Georg Muche was born on 8 May 1895 in Querfurt, in the south of Saxony-Anhalt, Germany and grew up in the Rhön area. His father, Felix Muche, was a naïve painter and art collector who was known as Felix Ramholz.
Muche's art studies began in 1913 in Munich at the School for Painting and the Graphic Arts which had been founded by Anton Ažbe and was then owned by Paul Weinhold and Felix Eisengräber. In 1914 he applied to the Royal Bavarian Academy of Fine Arts in Munich, but failed the entrance examination. His study of painting resumed in 1915, with Martin Brandenburg, when he moved to Berlin. At this time he had already been influenced by Wassily Kandinsky and Max Ernst, and became one of the earliest proponents of abstract art in Germany.
In Berlin, Muche became associated with Herwarth Walden and his Sturm artist group, working as Walden's exhibition assistant at the Sturm Gallery. He also taught painting at the Sturm Art School from 1916 to 1920. Muche's exposure to the Expressionist world influenced him to become more unconventional in his work, creating abstractions that combined elements of Cubism with the colour ideals of Der Blaue Reiter and Marc Chagall. He participated in three exhibitions from 1916 to 1918, each of which paired his work with that of another artist: Max Ernst (1916), Paul Klee, and Alexander Archipenko (1918). From 1913 to 1923, Muche produced prints which showed a strong influence by Klee, as well as Marc Chagall.
His art career was interrupted with a one-year stint in the military, serving on the Western Front in 1917 during World War I.
Walter Gropius invited Muche in 1919 to join the Bauhaus faculty in Weimar. At the urging of Lyonel Feininger, he accepted, becoming the youngest Master of Form. Herwarth Walden had given him a five-year contract with Sturm in 1917, but Muche dissolved it prematurely to gain some independence for his Bauhaus work.
At Bauhaus, he headed the weaving workshop from 1919 to 1925 and directed the preliminary course from 1921 to 1922. Muche married Elsa (El) Franke, who was a Bauhaus student, in 1922. After 1922 his style evolved from pure abstraction towards more figurative and organic leanings, a sort of lyric surrealism.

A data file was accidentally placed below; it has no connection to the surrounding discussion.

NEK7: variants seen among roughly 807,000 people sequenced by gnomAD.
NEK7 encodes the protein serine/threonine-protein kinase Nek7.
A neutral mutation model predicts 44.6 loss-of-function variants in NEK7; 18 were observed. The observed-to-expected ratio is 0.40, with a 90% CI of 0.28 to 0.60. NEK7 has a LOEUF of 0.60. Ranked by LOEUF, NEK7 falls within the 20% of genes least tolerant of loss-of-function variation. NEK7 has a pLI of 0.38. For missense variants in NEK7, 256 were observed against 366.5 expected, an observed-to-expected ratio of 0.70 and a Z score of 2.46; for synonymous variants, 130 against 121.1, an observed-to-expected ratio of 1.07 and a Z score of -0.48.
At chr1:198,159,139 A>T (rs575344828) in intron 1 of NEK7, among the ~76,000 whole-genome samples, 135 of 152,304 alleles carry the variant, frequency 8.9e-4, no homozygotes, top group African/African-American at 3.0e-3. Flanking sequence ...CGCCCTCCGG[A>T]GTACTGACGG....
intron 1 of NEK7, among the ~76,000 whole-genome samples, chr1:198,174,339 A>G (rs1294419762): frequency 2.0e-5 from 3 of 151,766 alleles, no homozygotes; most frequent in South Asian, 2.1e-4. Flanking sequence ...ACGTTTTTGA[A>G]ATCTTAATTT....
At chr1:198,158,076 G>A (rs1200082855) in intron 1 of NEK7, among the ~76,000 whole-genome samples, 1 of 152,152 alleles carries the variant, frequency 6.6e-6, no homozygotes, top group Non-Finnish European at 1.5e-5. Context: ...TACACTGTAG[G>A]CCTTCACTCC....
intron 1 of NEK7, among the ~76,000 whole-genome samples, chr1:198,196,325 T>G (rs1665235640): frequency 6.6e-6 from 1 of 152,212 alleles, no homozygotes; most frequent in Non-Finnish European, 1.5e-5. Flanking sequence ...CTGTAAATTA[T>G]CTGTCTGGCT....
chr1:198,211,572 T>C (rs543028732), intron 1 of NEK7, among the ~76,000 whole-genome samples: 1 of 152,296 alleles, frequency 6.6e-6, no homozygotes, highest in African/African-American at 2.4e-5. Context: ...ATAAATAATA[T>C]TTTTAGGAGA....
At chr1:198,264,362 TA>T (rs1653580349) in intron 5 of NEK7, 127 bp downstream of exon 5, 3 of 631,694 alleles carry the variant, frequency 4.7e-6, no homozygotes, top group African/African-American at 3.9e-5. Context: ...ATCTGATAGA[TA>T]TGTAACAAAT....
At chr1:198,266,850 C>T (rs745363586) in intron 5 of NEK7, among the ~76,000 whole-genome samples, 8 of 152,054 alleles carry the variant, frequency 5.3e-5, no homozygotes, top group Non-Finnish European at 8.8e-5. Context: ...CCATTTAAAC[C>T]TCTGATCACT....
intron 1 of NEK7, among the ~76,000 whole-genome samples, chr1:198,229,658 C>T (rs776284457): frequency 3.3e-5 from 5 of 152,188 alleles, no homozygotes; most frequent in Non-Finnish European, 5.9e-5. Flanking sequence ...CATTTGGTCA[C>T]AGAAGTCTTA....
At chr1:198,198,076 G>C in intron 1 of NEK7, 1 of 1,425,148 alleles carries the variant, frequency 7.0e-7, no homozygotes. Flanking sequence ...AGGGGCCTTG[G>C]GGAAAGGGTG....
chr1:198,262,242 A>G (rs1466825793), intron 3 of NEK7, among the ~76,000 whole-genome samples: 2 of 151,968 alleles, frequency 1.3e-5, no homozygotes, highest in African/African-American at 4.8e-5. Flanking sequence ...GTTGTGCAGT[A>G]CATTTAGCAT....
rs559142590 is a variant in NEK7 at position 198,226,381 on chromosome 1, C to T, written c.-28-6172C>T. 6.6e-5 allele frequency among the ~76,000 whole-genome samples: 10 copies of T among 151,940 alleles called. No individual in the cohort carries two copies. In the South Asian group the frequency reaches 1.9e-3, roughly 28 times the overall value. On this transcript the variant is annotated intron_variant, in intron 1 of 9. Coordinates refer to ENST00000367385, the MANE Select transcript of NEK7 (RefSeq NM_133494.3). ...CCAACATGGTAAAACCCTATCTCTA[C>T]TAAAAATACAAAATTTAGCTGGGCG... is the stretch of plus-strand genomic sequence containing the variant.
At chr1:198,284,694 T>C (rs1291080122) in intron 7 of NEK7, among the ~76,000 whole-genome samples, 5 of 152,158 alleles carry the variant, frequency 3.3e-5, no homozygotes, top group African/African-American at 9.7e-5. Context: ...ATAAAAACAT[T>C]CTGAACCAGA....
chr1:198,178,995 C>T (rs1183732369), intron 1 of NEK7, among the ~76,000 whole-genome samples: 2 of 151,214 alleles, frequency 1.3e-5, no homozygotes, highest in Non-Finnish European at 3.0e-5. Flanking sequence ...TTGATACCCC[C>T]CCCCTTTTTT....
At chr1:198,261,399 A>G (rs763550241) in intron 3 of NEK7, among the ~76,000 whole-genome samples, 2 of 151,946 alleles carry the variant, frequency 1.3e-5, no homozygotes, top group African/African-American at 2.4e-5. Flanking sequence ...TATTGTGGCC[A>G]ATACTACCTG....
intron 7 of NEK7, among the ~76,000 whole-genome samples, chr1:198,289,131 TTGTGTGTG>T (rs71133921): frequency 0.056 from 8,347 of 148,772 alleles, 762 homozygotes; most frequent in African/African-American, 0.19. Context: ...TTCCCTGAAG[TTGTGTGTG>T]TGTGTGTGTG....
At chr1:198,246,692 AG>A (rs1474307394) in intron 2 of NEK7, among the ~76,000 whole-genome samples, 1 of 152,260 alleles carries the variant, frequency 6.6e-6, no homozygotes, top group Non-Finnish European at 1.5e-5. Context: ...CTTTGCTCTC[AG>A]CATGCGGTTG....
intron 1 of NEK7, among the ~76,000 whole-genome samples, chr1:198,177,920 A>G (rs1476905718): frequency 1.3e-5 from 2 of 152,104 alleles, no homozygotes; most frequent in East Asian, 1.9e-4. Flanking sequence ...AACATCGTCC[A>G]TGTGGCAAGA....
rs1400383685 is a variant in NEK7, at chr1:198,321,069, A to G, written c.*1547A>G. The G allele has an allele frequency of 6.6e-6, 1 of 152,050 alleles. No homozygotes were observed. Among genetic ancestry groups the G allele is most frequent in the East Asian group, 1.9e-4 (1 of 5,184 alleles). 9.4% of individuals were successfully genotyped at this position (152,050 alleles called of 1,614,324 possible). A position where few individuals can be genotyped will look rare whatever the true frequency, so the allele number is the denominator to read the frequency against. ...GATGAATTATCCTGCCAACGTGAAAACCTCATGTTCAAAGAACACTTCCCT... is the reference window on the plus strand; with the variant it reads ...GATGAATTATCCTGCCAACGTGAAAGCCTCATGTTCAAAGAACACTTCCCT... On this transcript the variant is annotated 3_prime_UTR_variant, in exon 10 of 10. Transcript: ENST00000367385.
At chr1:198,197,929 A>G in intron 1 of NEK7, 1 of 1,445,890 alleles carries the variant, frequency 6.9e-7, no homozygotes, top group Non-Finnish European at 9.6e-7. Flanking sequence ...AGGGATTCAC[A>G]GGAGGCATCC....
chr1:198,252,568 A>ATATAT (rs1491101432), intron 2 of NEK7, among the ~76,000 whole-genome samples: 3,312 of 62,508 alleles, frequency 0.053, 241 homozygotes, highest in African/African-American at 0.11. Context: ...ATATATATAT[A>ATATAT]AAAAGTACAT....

Muche was in charge of the 1923 Bauhaus Exhibition, their first major exhibition, for which he designed an experimental house known as "Haus am Horn". It was constructed in 1923 as the first practical implementation of the new Bauhaus building style. Such principles were key influences on 20th-century architecture. Haus am Horn was designed to showcase economical housing, providing a functional design using prefabricated materials for quick and inexpensive construction. The house, which demonstrates a keen understanding of the use of space, has been called "a true artwork of the realization of abstract monumental beauty". In 1996, Bauhaus and its sites in Weimar and Dessau were declared a 20th-century World Heritage Site by the United Nations Educational, Scientific and Cultural Organization. Muche was the leading proponent of the Bauhaus architectural group. In 1926 he, along with Richard Paulick, designed the innovative Stahlhaus (Steel House) at Dessau-Törten. From 1925 to 1927 he headed the Bauhaus' weaving workshop in Dessau.
Muche left the Bauhaus in 1927 to join the faculty of Johannes Itten's Modern Art School of Berlin, where he taught until 1930. For 1929's 10 Years of the November Group Exhibition, Muche oversaw the abstract and constructive design and architecture departments. Starting in 1931, until he was dismissed by the Nazis in 1933, he was a professor at the State Academy for Art and Applied Arts in Breslau, where he taught with Oskar Schlemmer. He then resumed teaching in Berlin, at the School for Art and Work, under the directorship of Hugo Häring. He remained there until 1938.
Thirteen Muche paintings and two prints were confiscated from museums by the Nazis and at least two of those works were displayed in the 1937 Munich exhibition Entartete Kunst (Degenerate Art). This exhibit was intended to inflame public opinion against modernism, which was presented as a conspiracy by people who hated German decency, and to incite revulsion against the "perverse Jewish spirit" penetrating German culture, although only six of the 112 artists included in the exhibition were in fact Jewish.
After spending some time in Italy, Muche wrote a book, Buon Fresco – Briefe aus Italien über Handwerk und Stil der echten Freskomalerei, on fresco painting. He exhibited his own frescoes at a Berlin gallery. From 1939 to 1958 Muche was on the faculty of the School for Textile Engineers in Krefeld, holding the position of artist director of the Master Class for Textile Art. He also worked in Wuppertal at an institute developing painting materials. His associates there included Oskar Schlemmer and Willi Baumeister.
He settled in Lindau, on the eastern side of Lake Constance, in 1960. There he continued his painting and graphic art work as a freelancer. His work in the 1970s included a series of paintings and drawings making up the Tafel der Schuld (Panels of Guilt). In 1979 he was awarded the Lovis Corinth Prize by the city of Regensburg. In 1980 Berlin's Bauhas Archive assembled an extensive retrospective, Georg Muche – Das künstlerische Werk 1912–1927. Muche died in Lindau on 26 March 1987.
Für Wilhelm Runge, a painting by Muche, was featured on a 1996 German postage stamp as part of a series of stamps honoring German painting of the 20th century.